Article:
What is Wrong with the Hungarian Legal System and How to Fix it
36 Pages Posted: 13 Jul 2018
Date Written: July 13, 2018
Institutions are made up of the interplay of three components: (1) formal rules, (2) actual practices and (3) narratives. However, lawyers in post-socialist countries do not see law through institutionalist lenses, but often nurture a false and simplistic idea of the law: they consider it to be the sum of rules, disregarding often the actual practices of the rules’ addressees and narratives attached to the law (encompassing everything from the raison d’etre and goal of the institution, its symbolism, the public discourse surrounding it, and social attitudes towards the institution). This restricted view makes Hungarian lawyers blind and to a certain extent also defenceless against recent authoritarian tendencies. Institution-building has been a moderately successful feat in Hungary. To put it more pessimistically, it has partially failed since the end of socialism, in particular when it comes to actual practices and narratives. In the Hungarian context, consideration of the problems of institution-building suggests two general conclusions: on the one hand, the lack of unison among the individual elements (rules, practices, narratives) renders institutions less stable and consequently less capable of inducing compliance with the law; on the other, the institutions that have been established have failed to deliver prosperity to the political community. This paper describes the constitution-making of 2010/11 from the perspective of institution-building. This institutionalist view of the law yields two main specific findings: (1) Historical experience shows that besides honest determination, the radical institutional overhaul of a complete legal system can only be successful in the presence of external pressure, the effect of which has unfortunately decreased with Hungary’s accession to the EU. That is, institution-building should go hand-in-hand with effective international and EU obligations undertaken in more sober political moments to guarantee that the political community will not later enter into a self-destructive mode. (2) Taking elements beyond mere rules more consciously into account, such as actual practices and narratives in the realm of legislation, the application of the law and legal training would ideally result in the gradual reinforcement of substantive cultural elements. This, however, requires political action, more precisely the adjustment of formal rules. Since this is not in the interest of the incumbent decision-makers, overcoming the impasse seems unlikely for the time being.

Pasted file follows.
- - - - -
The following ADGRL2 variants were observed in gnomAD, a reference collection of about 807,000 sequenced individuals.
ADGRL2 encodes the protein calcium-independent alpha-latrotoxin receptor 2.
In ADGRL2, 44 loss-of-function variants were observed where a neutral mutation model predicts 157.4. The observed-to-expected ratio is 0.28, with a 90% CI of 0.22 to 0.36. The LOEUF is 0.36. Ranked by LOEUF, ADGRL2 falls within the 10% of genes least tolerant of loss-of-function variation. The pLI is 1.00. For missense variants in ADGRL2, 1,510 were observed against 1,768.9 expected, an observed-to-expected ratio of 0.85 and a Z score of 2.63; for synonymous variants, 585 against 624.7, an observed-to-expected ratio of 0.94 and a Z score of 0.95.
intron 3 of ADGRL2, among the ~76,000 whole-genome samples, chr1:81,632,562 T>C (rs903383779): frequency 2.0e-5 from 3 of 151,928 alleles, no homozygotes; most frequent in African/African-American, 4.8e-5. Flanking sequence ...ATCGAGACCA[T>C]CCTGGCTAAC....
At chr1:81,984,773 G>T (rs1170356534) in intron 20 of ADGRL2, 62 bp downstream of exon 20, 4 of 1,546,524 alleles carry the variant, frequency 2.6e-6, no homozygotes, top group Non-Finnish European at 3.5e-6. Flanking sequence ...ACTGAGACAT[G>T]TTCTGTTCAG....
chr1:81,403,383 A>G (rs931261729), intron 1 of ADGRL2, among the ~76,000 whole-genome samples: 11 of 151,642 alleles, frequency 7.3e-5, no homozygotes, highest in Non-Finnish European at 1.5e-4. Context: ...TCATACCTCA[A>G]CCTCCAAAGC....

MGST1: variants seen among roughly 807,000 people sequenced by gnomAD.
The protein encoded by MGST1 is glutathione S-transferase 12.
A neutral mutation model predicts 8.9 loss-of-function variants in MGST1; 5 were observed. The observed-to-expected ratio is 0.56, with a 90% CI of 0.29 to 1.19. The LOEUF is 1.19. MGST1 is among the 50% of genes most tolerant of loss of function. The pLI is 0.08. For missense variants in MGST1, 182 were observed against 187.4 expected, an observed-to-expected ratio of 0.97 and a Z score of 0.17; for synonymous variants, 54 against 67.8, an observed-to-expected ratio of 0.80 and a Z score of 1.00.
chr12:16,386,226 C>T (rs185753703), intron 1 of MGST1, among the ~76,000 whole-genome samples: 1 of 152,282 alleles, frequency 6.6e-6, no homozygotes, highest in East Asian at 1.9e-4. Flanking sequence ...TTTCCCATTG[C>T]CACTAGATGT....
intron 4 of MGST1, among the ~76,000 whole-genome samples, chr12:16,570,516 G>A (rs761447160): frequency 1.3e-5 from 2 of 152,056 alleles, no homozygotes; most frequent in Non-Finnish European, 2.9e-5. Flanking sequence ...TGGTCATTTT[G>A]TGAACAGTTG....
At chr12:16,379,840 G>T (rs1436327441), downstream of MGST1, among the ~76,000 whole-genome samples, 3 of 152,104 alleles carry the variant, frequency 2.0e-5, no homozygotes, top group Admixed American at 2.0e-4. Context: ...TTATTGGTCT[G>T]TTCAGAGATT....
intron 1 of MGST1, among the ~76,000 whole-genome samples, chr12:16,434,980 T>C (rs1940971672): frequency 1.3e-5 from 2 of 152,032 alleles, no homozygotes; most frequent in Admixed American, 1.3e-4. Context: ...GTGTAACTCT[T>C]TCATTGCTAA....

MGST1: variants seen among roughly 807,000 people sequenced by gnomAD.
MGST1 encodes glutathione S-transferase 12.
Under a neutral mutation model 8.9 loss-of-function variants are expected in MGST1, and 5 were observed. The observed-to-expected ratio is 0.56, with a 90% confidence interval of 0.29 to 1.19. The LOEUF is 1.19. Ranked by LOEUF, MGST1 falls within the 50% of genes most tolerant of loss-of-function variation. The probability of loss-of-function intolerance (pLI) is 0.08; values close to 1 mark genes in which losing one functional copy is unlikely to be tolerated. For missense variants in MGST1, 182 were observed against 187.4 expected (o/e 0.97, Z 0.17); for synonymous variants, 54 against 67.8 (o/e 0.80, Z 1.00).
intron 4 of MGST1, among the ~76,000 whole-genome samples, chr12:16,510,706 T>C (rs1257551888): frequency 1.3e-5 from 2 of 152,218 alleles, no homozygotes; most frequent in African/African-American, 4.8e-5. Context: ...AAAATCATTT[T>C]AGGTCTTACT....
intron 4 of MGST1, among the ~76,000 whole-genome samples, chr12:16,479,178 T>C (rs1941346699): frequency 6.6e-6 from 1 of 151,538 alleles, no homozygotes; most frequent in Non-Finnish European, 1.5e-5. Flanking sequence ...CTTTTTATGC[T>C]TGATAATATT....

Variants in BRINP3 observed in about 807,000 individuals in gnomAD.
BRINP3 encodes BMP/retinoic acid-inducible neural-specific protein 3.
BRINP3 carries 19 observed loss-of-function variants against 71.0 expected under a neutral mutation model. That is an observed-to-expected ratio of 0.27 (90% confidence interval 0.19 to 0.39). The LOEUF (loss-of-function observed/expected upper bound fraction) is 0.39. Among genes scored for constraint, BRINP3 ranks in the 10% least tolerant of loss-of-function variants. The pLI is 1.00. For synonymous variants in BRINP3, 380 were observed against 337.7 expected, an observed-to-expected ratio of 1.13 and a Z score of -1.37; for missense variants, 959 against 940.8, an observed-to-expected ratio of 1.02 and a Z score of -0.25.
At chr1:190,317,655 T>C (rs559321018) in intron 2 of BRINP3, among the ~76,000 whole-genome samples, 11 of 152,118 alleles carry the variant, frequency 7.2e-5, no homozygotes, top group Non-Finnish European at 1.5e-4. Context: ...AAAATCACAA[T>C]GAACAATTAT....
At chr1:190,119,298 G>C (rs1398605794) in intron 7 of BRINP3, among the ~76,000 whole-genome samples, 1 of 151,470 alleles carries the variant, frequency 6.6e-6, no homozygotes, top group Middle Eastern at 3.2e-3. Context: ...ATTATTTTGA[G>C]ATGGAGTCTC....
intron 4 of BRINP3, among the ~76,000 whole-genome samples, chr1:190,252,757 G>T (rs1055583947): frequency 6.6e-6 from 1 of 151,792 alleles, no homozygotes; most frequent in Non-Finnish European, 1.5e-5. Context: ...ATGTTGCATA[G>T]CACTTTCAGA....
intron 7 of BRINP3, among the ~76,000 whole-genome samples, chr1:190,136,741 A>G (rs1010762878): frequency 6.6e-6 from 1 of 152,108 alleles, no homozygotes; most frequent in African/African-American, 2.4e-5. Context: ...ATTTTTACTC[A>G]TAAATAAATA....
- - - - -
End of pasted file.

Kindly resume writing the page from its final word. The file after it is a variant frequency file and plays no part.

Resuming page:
Keywords: democratic backslide, authoritarian constitutions, foreign aid, rule of law index, institutionalism, Marxist legacy, EU rule of law crisis, theory of constitutionalism, informal elements of institutions
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